Yet the man most responsible for this new reality — Tesla CEO Elon Musk, the Moses of EVs — may, like Moses, ultimately not enter the “Promised Land” himself. That is to say, while Tesla spurred the domestic and global auto industry to bet heavily on EVs, Tesla’s own success is far from certain.
Indeed, in recent weeks and months, Musk has been behaving erratically and Tesla has been flailing.
The company has been missing key production targets for its mass-market Model 3 for the past year, Moody’s downgraded Tesla’s credit status, and Musk told CBS this spring, “I’m definitely under stress,” later adding, “so if I seem like I’m not under stress then I’m gonna be clear. I’m definitely under stress.”
Another big confidence-shattering moment for Tesla came Friday, when Musk announced that he would not be taking the company public — just 17 days after he created a financial firestorm by tweeting on August 7, “Am considering taking Tesla private at $420 [a share]. Funding secured.”
At the time, Tesla was trading around $340 a share, it jumped up to $380, and now, as of midday Monday, it is below $320 a share — going back to a price the stock was first at in May 2017.
“Tesla investors must realize that they have a panicky, erratic, possibly self-destructive CEO at the helm,” Yale Management professor Jeffrey Sonnenfeld told the New York Times Friday. “No CEO is ever this confused and confusing.”
So the future success of Tesla as a mass-market EV manufacturer is far from certain.
But while some in the media are quick to dismiss Musk and Tesla as a “minor subplot” in the fight against climate change, the reality is that both the EV and battery revolution owe an immense debt to Musk.
“Before 2010, there was effectively no demand for electric vehicles,” as the Department of Energy (DOE) explained in its history of electric vehicles. But “by the end of 2014, more than 700,000 total plug-in vehicles had been sold worldwide (plug-in hybrids and pure battery electrics).”
What caused the turnaround? The DOE explains that a crucial “event that helped reshape electric vehicles was the announcement in 2006 that a small Silicon Valley startup,” would start making an electric sports car with a 200-mile range.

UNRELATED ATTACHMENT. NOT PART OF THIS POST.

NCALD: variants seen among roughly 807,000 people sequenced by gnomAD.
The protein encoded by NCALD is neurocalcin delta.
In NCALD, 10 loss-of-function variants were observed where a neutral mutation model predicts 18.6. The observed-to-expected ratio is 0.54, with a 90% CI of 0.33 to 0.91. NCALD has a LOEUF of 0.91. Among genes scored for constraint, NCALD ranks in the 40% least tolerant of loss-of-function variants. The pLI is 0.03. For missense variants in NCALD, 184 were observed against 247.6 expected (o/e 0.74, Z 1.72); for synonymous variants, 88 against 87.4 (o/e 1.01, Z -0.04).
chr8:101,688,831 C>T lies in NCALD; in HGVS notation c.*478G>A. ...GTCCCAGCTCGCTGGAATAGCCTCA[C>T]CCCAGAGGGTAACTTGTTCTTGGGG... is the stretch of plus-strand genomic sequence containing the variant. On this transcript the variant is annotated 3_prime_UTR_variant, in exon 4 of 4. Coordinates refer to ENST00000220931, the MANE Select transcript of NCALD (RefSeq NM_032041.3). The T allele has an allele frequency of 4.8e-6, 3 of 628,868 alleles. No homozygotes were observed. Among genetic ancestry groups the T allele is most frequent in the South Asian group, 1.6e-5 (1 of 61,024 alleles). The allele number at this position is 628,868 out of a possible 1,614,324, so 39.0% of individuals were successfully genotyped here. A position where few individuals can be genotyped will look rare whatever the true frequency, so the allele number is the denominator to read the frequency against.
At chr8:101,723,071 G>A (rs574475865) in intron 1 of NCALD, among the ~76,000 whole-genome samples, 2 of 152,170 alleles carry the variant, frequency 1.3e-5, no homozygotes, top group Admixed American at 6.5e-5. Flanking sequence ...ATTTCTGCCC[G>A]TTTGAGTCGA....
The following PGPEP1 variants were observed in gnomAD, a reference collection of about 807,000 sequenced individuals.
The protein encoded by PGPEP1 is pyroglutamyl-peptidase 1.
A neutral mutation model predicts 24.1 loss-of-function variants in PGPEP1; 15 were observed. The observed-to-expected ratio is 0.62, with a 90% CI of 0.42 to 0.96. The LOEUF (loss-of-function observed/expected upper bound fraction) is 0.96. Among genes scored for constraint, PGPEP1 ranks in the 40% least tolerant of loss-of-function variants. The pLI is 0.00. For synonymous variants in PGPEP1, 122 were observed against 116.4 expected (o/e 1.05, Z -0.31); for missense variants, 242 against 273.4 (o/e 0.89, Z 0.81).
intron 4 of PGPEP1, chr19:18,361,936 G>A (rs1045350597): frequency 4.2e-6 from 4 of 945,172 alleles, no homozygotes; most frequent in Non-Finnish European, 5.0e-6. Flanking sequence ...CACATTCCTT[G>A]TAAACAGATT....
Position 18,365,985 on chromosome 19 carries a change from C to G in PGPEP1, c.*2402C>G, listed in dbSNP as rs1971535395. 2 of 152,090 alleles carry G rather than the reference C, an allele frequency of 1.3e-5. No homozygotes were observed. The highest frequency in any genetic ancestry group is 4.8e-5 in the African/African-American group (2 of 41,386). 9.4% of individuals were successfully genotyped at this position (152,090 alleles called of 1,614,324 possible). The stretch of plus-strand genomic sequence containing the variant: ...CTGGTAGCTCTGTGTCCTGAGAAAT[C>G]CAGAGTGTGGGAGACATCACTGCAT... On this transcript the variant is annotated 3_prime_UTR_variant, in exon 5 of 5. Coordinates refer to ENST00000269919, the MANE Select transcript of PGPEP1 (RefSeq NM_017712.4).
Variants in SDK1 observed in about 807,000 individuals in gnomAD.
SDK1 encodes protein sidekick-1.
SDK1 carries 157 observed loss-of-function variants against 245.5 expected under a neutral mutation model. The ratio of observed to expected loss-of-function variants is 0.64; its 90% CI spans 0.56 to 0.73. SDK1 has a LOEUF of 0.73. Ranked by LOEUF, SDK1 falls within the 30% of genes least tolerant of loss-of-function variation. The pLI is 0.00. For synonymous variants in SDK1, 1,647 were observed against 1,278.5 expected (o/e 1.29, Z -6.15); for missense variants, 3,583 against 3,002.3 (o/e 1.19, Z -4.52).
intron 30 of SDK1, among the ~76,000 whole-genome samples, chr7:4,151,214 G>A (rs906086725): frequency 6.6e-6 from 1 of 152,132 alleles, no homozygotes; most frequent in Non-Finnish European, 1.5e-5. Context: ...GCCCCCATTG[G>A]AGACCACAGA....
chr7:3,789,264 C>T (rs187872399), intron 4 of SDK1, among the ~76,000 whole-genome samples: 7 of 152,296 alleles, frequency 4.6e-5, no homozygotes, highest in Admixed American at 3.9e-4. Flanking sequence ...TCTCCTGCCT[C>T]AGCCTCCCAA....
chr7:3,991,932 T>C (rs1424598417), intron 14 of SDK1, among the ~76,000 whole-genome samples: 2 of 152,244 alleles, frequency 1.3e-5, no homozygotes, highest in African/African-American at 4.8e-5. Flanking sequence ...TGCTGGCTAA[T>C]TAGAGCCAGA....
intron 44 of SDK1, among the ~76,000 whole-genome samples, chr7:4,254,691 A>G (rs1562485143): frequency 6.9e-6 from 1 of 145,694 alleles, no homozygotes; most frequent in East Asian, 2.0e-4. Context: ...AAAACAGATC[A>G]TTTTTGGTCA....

“Tesla’s announcement and subsequent success spurred many big automakers to accelerate work on their own electric vehicles,” DOE notes.
As Forbes put it two years ago, “Tesla’s Innovations Are Transforming The Auto Industry.” Business Insider made the same point earlier this year.
This transformation has led to explosive growth in EV sales globally as well as massive investments by European and Chinese companies.
But either way, the EV revolution is so irreversible that many major countries have already announced plans to phase out fossil fuel-burning cars over the next decade or two, including the UK, France, Norway, India, and even China.
Why is all this a game-changer for climate change? Several reasons.
First, the transportation sector has always been the greatest challenge for reducing carbon pollution. There are countless carbon-free sources of new electric power — like solar, wind, and nuclear, along with improvements to efficiency. Renewables in particular have dropped so sharply in price that they are now the cheapest new source of power in many places across the country and around the world.
But until the advent of practical and affordable electric cars, it wasn’t clear how the transportation sector would decarbonize. Now it is. We now know that over the next decade or two, electricity will become the dominant alternative fuel — and because of the renewables revolution, it will be increasingly cleaner and cleaner.
Second, the EV revolution has been enabled by a rapid drop in the price of batteries — a price drop that has, in turn, been sped up by the rapidly accelerating sales of EVs.
This battery revolution, as a result, is in the process of helping to solve a key barrier to deeper penetration of renewables: providing a cheap way to store power when the sun isn’t shining or the wind isn’t blowing. The battery revolution has occurred so quickly that in places llike Colorado, building new renewable power plus battery storage is now cheaper than running old coal plants.
Moreover, the batteries in the electric cars themselves can potentially be used to help store variable power sources like wind and solar — and thus further enable the penetration of renewables.
So while the future of Tesla remains uncertain, the triple revolutions of EVs, batteries, and renewables have become mutually irreversible, which is a game changer for climate change. And Elon Musk, as much as any one single person in the world, deserves a great deal of the credit.